Objectives: The aim of this in vitro microbial study was to evaluate the efficacy of Calendula officinalis tincture 60% (v/v) ethanol as an antibacterial agent for in vitro Pseudomonas aeruginosa. Methods: The standardized disk diffusion method was employed. Seven pairs of Mueller–Hinton agar plates were used; one plate was the experiment and one a control. P. aeruginosa broth cultures were grown for 24 hours. A sterile cotton swab was soaked in P. aeruginosa broth culture and then streaked evenly in 3 directions over the entire surface of the agar plates to obtain a uniform inoculum. Sterile filter paper disks (0.45-µm pore size; 5-mm diameter) were impregnated with standardized amounts of C. officinalis tincture 60% (v/v) ethanol. The first set of disks was impregnated with undiluted C. officinalis tincture 60% (v/v) ethanol, and the subsequent sets of disks were impregnated with a series of 2-fold dilutions of C. officinalis tincture 60% (v/v) ethanol. One disk from each set was aseptically placed on the inoculated agar surface of each plate. The plates were inverted and incubated at 37°C in ambient air for 24 hours, after which any presence of clear zones of inhibition were observed against a light background and the diameter of these zones was measured. The whole procedure was performed in triplicate. The mean activity of the 2 treatment groups was 6.88 and 6.69 mm, respectively. Results: The antibacterial activity of C. officinalis tincture 60% (v/v) ethanol and the 60% ethanol control groups showed a similar pattern on in vitro P. aeruginosa. There was no statistically significant difference between the experimental and control groups (p>0.05; t-test). Conclusion: There was no evidence to prove the efficacy of C. officinalis tincture 60% (v/v) ethanol as an antibacterial agent for in vitro P. aeruginosa.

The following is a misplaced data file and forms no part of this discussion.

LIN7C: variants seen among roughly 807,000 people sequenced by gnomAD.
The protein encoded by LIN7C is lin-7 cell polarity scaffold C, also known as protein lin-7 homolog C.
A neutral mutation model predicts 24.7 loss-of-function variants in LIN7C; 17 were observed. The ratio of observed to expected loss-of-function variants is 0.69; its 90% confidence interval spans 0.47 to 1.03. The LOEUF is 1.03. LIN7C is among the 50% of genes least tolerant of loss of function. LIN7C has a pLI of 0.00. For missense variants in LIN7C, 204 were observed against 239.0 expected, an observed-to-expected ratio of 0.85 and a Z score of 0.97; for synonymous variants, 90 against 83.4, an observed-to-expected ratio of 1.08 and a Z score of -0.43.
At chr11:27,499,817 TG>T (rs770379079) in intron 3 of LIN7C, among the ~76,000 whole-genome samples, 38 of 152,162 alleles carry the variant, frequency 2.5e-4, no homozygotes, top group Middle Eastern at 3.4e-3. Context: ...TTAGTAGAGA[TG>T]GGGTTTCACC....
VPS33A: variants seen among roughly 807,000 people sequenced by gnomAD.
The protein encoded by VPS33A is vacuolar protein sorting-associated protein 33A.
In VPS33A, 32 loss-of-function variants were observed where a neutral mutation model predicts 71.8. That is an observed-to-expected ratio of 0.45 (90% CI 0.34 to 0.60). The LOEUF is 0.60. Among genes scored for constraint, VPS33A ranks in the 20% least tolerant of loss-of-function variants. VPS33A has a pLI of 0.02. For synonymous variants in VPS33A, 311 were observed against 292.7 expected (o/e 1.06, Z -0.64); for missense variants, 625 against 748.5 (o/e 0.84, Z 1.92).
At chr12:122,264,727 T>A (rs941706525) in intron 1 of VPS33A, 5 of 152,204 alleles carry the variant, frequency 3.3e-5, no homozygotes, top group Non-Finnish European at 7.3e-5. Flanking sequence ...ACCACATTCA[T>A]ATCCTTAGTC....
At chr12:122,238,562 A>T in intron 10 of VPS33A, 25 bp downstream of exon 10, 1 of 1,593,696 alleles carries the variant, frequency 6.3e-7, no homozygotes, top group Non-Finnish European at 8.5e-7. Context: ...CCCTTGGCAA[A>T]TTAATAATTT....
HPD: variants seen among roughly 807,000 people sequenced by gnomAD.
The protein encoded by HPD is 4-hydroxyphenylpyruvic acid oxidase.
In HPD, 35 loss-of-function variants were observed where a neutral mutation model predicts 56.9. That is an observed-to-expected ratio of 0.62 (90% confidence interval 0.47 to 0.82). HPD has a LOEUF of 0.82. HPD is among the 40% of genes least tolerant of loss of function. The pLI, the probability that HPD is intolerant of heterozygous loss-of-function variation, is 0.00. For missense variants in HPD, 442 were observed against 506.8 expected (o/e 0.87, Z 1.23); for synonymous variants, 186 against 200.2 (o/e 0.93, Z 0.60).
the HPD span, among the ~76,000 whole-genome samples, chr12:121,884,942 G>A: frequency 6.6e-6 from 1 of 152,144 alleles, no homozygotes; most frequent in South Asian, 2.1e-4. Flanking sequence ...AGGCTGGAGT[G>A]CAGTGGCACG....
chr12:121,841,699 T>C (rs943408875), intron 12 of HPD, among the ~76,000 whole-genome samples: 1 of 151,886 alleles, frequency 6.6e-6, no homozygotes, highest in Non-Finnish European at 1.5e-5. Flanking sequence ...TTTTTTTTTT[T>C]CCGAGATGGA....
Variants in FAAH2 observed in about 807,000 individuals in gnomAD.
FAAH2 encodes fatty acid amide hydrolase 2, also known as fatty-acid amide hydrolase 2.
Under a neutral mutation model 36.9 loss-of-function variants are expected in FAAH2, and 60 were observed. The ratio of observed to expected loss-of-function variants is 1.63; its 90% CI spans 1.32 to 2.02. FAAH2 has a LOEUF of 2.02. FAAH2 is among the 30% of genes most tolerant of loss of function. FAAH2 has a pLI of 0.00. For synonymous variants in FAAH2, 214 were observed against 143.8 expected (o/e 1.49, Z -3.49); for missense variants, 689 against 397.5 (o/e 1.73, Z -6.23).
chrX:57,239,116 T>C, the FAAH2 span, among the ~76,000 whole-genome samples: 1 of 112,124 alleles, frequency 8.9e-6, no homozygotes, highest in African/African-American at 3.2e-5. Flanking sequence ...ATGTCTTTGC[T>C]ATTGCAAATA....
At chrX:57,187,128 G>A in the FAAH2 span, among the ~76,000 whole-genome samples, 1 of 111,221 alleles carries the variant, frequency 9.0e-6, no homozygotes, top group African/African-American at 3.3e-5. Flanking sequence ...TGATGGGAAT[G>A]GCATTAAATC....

Corresponding Author: Mbuso Mabuza